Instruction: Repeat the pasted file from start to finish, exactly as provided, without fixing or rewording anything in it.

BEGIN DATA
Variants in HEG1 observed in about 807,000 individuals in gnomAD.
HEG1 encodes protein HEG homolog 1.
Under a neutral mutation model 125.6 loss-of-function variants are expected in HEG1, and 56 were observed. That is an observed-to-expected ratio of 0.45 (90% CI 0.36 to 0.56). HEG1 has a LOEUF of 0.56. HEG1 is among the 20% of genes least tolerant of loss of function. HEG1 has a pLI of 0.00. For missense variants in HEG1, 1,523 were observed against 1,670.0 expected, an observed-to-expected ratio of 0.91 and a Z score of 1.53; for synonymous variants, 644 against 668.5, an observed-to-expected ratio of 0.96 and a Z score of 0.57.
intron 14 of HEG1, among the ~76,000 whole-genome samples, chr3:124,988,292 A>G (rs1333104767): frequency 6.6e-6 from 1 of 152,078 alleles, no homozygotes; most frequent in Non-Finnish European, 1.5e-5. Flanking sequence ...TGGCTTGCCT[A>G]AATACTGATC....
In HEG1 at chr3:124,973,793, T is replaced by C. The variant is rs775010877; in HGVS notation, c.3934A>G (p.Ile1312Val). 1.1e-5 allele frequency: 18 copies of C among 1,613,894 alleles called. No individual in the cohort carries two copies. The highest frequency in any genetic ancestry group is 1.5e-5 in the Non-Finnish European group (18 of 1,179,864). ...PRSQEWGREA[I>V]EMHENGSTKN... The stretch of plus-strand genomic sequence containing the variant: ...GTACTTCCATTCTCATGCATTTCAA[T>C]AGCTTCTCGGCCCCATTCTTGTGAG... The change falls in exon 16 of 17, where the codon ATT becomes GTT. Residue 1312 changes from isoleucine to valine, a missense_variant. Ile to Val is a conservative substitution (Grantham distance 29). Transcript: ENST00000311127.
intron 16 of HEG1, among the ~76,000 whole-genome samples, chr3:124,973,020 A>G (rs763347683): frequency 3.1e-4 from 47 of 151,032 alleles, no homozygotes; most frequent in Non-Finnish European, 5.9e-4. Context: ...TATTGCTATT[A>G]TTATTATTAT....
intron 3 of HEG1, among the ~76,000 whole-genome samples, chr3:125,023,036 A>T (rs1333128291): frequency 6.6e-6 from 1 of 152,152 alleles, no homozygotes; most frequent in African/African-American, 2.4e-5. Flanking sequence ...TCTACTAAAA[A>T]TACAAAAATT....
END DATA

Variants in HEG1 observed in about 807,000 individuals in gnomAD.
HEG1 encodes protein HEG homolog 1.
Under a neutral mutation model 125.6 loss-of-function variants are expected in HEG1, and 56 were observed. That is an observed-to-expected ratio of 0.45 (90% CI 0.36 to 0.56). HEG1 has a LOEUF of 0.56. HEG1 is among the 20% of genes least tolerant of loss of function. HEG1 has a pLI of 0.00. For missense variants in HEG1, 1,523 were observed against 1,670.0 expected, an observed-to-expected ratio of 0.91 and a Z score of 1.53; for synonymous variants, 644 against 668.5, an observed-to-expected ratio of 0.96 and a Z score of 0.57.
intron 14 of HEG1, among the ~76,000 whole-genome samples, chr3:124,988,292 A>G (rs1333104767): frequency 6.6e-6 from 1 of 152,078 alleles, no homozygotes; most frequent in Non-Finnish European, 1.5e-5. Flanking sequence ...TGGCTTGCCT[A>G]AATACTGATC....
In HEG1 at chr3:124,973,793, T is replaced by C. The variant is rs775010877; in HGVS notation, c.3934A>G (p.Ile1312Val). 1.1e-5 allele frequency: 18 copies of C among 1,613,894 alleles called. No individual in the cohort carries two copies. The highest frequency in any genetic ancestry group is 1.5e-5 in the Non-Finnish European group (18 of 1,179,864). ...PRSQEWGREA[I>V]EMHENGSTKN... The stretch of plus-strand genomic sequence containing the variant: ...GTACTTCCATTCTCATGCATTTCAA[T>C]AGCTTCTCGGCCCCATTCTTGTGAG... The change falls in exon 16 of 17, where the codon ATT becomes GTT. Residue 1312 changes from isoleucine to valine, a missense_variant. Ile to Val is a conservative substitution (Grantham distance 29). Transcript: ENST00000311127.
intron 16 of HEG1, among the ~76,000 whole-genome samples, chr3:124,973,020 A>G (rs763347683): frequency 3.1e-4 from 47 of 151,032 alleles, no homozygotes; most frequent in Non-Finnish European, 5.9e-4. Context: ...TATTGCTATT[A>G]TTATTATTAT....
intron 3 of HEG1, among the ~76,000 whole-genome samples, chr3:125,023,036 A>T (rs1333128291): frequency 6.6e-6 from 1 of 152,152 alleles, no homozygotes; most frequent in African/African-American, 2.4e-5. Flanking sequence ...TCTACTAAAA[A>T]TACAAAAATT....